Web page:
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The virtual and physical preparation of the Collard Plesiosaur
SPPC/GCG Conference
Platform presentation (20 minutes)
*Nigel R Larkin
The ‘Collard Plesiosaur’, found in 2003 in Bridgwater Bay on the Somerset coast, has been described as ‘probably the best preserved and most scientifically valuable fossil plesiosaur to have been found in the UK for at least 150 years, possibly ever’ (Richard Forrest, SPPC/SVPCA 2005). The skeleton is almost complete and variably-mineralised.

The skeleton (possibly a juvenile Rhomaleosaur) was preserved in Lower Liassic Kilve Shales - a fine-grained, thinly laminated rock containing little or no cement. Held together by compression, this lithology is notoriously susceptible to fluctuations in humidity, severely compromising the integrity of specimens once dry.

The priorities for the project were to arrest shale delamination caused by environmental fluctuations and to prepare the specimen for research. The specimen appeared to be well fossilised in a homogeneous, un-cemented matrix, offering excellent potential for X-radiography. Therefore before preparation commenced the specimen was X-rayed and CT-scanned with stunning results, despite some of the limb bones not being well mineralised. This virtual preparation helped to inform the subsequent physical preparation of the material.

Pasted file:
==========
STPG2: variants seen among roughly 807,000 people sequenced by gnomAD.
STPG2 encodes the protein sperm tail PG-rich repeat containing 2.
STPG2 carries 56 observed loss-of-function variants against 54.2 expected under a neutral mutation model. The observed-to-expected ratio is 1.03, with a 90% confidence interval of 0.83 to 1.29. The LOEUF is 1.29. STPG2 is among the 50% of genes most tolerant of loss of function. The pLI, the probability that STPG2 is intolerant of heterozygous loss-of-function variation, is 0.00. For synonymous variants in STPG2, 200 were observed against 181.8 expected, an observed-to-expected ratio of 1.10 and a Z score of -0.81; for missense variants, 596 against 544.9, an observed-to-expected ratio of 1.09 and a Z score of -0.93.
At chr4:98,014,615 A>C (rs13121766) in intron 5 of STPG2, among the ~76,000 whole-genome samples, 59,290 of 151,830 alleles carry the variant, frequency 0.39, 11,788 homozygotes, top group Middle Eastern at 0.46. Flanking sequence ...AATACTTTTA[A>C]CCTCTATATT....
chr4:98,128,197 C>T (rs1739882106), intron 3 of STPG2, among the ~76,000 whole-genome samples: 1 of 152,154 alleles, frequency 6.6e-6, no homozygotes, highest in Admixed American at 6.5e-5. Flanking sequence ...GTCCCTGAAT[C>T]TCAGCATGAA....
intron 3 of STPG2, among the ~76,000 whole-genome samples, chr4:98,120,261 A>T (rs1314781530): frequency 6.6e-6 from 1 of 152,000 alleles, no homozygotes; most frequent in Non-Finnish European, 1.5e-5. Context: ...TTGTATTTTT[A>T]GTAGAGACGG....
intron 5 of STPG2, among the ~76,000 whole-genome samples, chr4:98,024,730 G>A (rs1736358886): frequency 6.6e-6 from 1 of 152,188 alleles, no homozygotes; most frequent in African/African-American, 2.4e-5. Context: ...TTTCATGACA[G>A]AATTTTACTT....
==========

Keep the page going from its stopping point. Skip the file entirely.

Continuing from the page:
Investigations were undertaken to select the most suitable tools, materials and techniques to conserve and prepare the specimen. Attempts to consolidate matrix samples with the methacrylate co-polymer Paraloid B72 were generally unsuccessful – the shale layers distorted and delaminated. However, B72 was successfully applied to the sides of the specimen blocks providing a humidity seal.

Mechanical preparation commenced with the removal of underburden, greatly reducing the specimen’s weight. The use of a scalpel proved to be the most appropriate technique for developing its surface and exposing the skeleton, removing one paper-thin layer of shale at a time.

London 2020